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LEGISLATURES-GUARD DEPLOYMENTS

Wyoming lawmakers kill 'Defend the Guard' deployment act

CHEYENNE, Wyo. (AP) — Lawmakers and veterans rallied in support of a bill in Wyoming that would restrict combat deployment of National Guard troops, saying states need to assert control over open-ended U.S. military commitments. The bill failed an initial vote Friday in the Wyoming House. Under the bill, Wyoming troops and airmen could only be sent to combat with congressional authorization specifically granted by the Constitution, such as a declaration of war. States including Michigan, Oklahoma and West Virginia have discussed similar legislation recently. Opponents of such measures in other states have pointed out there's already a check on combat deployments of National Guard troops — they must be approved by a governor.

WILDLIFE CORRIDOR CONSERVATION

Wyoming governor orders conservation of migration corridors

CHEYENNE, Wyo. (AP) — Wildlife migration corridors that preserve routes used by big game herds in Wyoming must be conserved under a new executive order by the governor. The Casper Star-Tribune reported Thursday that the order preserves protections for three existing mule deer corridors in Sublette, Baggs and Platte Valley and provides guidelines for designating additional routes. Experts say the loss of critical habitat like migration corridors have contributed in part to population decline for some species. Republican Gov. Mark Gordon says the designation of migration corridors throughout the state can help determine the environmental impact of projects that were previously delayed.

HUNTING REGULATIONS

Montana wildlife commission tightens wolf, elk hunting rules

MISSOULA, Mont. (AP) — Wildlife officials in Montana have increased hunting regulations on wolf and elk near Yellowstone National Park. The Missoulian reported Thursday that the Montana Fish and Wildlife Commission tightened wolf hunting rules and reduced elk-hunting seasons. Commission officials say regulations included reducing wolf hunting quotas to one per person in each district near Yellowstone National Park and shortening elk shouldering seasons by a month in some districts in central Montana. The state uses shoulder seasons to extend hunting seasons beyond the five-week general period and bring local elk populations closer to population targets.

NAVAJO COAL

Wyoming, Navajo coal company, agree to liability waiver

CHEYENNE, Wyo. (AP) — Wyoming officials have reached an agreement with a Navajo tribal company that would give them authority to take the company to court to enforce environmental laws at two coal mines. Navajo Transitional Energy Company acquired the Antelope and Cordero Rojo mines in Wyoming, and the Young's Creek mine in Montana, from Gillette-based Cloud Peak Energy in a 2019 bankruptcy sale. As a sovereign tribal entity, the Navajo company couldn't normally be sued in state court. Wyoming and Montana officials have been negotiating limited waivers of sovereign immunity for NTEC as a condition for the company to eventually get state permits for its new mines. Negotiations between NTEC and Montana continue.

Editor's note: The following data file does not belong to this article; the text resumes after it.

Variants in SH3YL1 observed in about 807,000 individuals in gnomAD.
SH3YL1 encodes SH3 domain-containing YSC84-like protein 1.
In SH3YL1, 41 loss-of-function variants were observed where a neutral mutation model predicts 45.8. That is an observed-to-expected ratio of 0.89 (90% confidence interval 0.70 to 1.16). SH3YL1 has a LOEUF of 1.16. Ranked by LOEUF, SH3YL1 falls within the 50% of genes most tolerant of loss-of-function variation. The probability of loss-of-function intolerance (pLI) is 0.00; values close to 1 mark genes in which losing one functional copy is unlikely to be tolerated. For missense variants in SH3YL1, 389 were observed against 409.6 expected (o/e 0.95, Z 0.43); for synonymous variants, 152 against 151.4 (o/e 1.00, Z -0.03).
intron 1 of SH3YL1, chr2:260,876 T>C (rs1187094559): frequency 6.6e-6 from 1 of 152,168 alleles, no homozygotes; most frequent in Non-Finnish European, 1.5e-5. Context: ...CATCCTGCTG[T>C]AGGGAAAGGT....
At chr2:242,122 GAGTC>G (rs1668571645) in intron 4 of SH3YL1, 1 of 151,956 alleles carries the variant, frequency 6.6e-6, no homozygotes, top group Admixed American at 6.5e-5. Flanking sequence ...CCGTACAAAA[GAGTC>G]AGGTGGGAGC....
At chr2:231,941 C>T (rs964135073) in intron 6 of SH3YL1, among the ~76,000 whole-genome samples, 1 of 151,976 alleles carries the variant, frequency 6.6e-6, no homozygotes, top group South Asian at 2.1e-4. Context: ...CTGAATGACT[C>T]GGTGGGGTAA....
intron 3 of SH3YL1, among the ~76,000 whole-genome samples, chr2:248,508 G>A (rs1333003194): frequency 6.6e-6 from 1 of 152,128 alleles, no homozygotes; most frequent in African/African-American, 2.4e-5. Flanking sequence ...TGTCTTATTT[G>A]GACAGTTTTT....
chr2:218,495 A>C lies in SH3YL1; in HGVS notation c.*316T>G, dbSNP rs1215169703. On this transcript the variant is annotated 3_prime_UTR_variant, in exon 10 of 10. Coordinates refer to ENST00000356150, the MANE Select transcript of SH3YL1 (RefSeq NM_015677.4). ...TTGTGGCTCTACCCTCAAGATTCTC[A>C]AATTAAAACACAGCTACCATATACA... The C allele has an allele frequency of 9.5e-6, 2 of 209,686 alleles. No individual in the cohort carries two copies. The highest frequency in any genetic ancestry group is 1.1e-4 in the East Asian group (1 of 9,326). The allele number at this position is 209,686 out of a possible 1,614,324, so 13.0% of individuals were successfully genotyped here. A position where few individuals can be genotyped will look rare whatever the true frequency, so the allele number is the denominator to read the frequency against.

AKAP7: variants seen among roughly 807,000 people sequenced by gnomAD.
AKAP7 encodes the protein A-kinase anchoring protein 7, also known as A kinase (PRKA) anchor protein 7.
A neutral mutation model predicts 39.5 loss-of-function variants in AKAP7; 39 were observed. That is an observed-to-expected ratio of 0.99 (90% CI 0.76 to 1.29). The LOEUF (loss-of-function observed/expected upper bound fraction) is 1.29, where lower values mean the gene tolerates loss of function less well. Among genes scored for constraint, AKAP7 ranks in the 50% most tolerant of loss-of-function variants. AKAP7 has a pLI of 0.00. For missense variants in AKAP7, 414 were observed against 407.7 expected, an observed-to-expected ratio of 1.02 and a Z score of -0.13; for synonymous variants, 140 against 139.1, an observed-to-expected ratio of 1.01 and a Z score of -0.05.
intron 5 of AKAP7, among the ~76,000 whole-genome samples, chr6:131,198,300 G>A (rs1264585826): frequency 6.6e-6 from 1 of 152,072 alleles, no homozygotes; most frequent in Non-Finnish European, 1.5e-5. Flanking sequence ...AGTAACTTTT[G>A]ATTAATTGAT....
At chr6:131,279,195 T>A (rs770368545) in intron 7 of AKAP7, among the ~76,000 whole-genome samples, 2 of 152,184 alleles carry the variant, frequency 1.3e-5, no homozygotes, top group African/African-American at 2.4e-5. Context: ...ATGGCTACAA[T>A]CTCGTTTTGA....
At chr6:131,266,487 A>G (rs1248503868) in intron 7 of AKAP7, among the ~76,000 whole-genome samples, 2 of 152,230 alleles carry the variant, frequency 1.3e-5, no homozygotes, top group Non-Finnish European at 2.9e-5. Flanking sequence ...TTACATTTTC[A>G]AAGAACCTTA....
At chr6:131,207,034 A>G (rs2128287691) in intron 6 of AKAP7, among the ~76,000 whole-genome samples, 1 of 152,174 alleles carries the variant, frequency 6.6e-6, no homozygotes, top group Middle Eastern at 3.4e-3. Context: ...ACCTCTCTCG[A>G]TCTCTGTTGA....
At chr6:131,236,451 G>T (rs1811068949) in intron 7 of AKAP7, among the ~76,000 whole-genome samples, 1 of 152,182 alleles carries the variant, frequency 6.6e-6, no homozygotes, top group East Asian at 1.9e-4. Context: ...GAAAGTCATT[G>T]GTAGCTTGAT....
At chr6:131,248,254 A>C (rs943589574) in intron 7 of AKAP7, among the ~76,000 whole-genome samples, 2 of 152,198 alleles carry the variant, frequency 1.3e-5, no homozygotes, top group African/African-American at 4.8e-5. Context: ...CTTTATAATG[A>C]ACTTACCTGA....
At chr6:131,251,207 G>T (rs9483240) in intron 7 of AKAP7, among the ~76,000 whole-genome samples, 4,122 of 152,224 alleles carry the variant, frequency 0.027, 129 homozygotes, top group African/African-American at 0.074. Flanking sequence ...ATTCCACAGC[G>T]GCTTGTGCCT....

UNIVERSITY-RECORDS LAWSUIT

University of Wyoming spent $42,000 fighting records lawsuit

CASPER, Wyo. (AP) — Records show the University of Wyoming paid attorneys more than $42,000 while trying to block the release of documents involving a decision not to renew the school president's contract. The Casper Star-Tribune and WyoFile say the invoices were obtained by news outlets that sued to obtain the records involving the ouster of President Laurie Nichols. Donal O’Toole, who was Faculty Senate chair when Nichols was dismissed, called the legal expense “a stupid waste of money.” University spokesman Chad Baldwin says the school fought the lawsuit to protect the identities of people whose comments factored into the contract decision.

GILLETTE SHOOTING

Police: No charges recommended in fatal Gillette shooting

GILLETTE, Wyo. (AP) — Police in Gillette aren't pursuing charges in a shooting death. Police say 21-year-old Steven Peterson shot his friend, 24-year-old Jesse Flores, on Jan. 31. Police say their investigation shows Peterson acted reasonably. The Gillette News-Record reports the men got in an argument after drinking alcohol and smoking marijuana. Police say Flores threatened Peterson, who locked himself in his bedroom with a handgun. Peterson reported hearing a sound like the cycling of a slide on a handgun while Flores tried to manipulate the lock. Peterson shot Flores after he got through the door. Police say Peterson cooperated with investigators, who found a handgun outside the bedroom door.

Copyright © The Associated Press. All rights reserved. This material may not be published, broadcast, rewritten or redistributed.

The Associated Press

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